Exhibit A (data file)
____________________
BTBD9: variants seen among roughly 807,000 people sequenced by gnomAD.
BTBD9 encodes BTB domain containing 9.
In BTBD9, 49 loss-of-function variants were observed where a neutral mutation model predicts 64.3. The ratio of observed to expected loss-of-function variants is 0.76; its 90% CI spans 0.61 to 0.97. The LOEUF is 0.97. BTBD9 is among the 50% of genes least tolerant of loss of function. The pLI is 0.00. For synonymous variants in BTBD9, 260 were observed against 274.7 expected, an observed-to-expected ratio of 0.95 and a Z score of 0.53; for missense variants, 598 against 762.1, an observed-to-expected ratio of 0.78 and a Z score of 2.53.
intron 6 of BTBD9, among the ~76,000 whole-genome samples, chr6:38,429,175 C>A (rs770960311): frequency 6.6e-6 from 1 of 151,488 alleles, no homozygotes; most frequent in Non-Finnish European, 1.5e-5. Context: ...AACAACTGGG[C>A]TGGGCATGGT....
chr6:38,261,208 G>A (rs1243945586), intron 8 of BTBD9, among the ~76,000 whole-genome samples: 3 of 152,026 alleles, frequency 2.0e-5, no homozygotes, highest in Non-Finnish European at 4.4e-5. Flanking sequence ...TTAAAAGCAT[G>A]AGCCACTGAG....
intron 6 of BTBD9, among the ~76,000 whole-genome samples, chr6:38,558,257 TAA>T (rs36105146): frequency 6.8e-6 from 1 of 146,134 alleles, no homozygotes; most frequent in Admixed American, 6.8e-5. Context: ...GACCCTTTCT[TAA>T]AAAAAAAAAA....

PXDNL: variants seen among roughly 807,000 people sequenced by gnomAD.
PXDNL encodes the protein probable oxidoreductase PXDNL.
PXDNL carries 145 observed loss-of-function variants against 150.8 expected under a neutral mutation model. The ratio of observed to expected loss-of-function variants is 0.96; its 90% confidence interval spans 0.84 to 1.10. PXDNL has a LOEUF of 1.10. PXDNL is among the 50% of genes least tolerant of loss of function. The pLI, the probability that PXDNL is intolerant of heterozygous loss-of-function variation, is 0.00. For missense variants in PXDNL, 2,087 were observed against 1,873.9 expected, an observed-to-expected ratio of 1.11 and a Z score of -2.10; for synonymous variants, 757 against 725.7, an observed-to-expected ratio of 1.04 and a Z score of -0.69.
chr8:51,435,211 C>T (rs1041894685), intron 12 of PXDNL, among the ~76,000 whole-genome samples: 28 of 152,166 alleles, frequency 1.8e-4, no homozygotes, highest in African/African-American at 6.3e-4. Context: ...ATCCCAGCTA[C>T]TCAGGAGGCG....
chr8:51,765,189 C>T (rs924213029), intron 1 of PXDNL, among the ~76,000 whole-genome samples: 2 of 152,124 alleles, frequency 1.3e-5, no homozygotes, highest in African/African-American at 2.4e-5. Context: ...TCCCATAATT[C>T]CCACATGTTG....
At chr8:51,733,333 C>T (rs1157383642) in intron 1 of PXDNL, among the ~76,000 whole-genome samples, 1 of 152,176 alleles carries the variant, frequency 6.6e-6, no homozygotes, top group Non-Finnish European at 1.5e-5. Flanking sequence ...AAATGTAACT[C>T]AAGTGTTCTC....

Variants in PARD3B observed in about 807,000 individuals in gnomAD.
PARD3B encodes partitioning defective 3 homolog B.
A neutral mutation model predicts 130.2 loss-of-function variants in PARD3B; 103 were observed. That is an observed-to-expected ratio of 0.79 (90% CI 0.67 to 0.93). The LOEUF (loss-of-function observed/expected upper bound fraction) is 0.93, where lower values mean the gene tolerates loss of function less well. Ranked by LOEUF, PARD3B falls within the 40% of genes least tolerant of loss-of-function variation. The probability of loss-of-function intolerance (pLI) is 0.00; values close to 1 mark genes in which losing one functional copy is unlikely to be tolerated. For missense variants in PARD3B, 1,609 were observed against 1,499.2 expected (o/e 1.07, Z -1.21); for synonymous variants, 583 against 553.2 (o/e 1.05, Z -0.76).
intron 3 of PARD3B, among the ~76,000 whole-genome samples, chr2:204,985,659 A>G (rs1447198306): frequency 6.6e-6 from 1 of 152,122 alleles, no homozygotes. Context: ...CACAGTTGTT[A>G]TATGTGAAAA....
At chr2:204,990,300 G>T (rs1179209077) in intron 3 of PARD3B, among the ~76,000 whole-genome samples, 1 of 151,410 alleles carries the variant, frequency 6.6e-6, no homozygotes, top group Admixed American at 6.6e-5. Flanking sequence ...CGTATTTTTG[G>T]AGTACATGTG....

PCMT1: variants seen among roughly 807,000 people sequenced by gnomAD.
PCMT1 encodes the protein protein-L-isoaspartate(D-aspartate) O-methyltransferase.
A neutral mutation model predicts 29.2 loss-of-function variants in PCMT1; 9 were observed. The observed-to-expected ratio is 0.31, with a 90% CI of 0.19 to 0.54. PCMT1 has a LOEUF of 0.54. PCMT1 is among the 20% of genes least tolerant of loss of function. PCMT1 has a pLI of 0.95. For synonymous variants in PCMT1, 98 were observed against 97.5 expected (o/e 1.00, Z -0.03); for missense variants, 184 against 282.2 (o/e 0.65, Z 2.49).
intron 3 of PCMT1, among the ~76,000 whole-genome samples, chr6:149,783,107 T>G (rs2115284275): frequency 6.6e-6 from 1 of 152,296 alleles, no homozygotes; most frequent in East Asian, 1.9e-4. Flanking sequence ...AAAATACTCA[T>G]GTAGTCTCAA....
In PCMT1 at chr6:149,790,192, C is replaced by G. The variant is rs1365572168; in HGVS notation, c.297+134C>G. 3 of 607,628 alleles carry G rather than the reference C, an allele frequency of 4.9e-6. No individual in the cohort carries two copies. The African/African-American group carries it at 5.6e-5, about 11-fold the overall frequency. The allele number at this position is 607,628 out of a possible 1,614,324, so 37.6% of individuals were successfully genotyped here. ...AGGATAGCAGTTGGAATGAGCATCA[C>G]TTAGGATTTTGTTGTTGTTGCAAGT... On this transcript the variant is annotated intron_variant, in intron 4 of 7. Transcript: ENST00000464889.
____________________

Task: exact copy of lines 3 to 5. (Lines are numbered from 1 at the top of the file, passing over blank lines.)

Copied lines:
In BTBD9, 49 loss-of-function variants were observed where a neutral mutation model predicts 64.3. The ratio of observed to expected loss-of-function variants is 0.76; its 90% CI spans 0.61 to 0.97. The LOEUF is 0.97. BTBD9 is among the 50% of genes least tolerant of loss of function. The pLI is 0.00. For synonymous variants in BTBD9, 260 were observed against 274.7 expected, an observed-to-expected ratio of 0.95 and a Z score of 0.53; for missense variants, 598 against 762.1, an observed-to-expected ratio of 0.78 and a Z score of 2.53.
intron 6 of BTBD9, among the ~76,000 whole-genome samples, chr6:38,429,175 C>A (rs770960311): frequency 6.6e-6 from 1 of 151,488 alleles, no homozygotes; most frequent in Non-Finnish European, 1.5e-5. Context: ...AACAACTGGG[C>A]TGGGCATGGT....
chr6:38,261,208 G>A (rs1243945586), intron 8 of BTBD9, among the ~76,000 whole-genome samples: 3 of 152,026 alleles, frequency 2.0e-5, no homozygotes, highest in Non-Finnish European at 4.4e-5. Flanking sequence ...TTAAAAGCAT[G>A]AGCCACTGAG....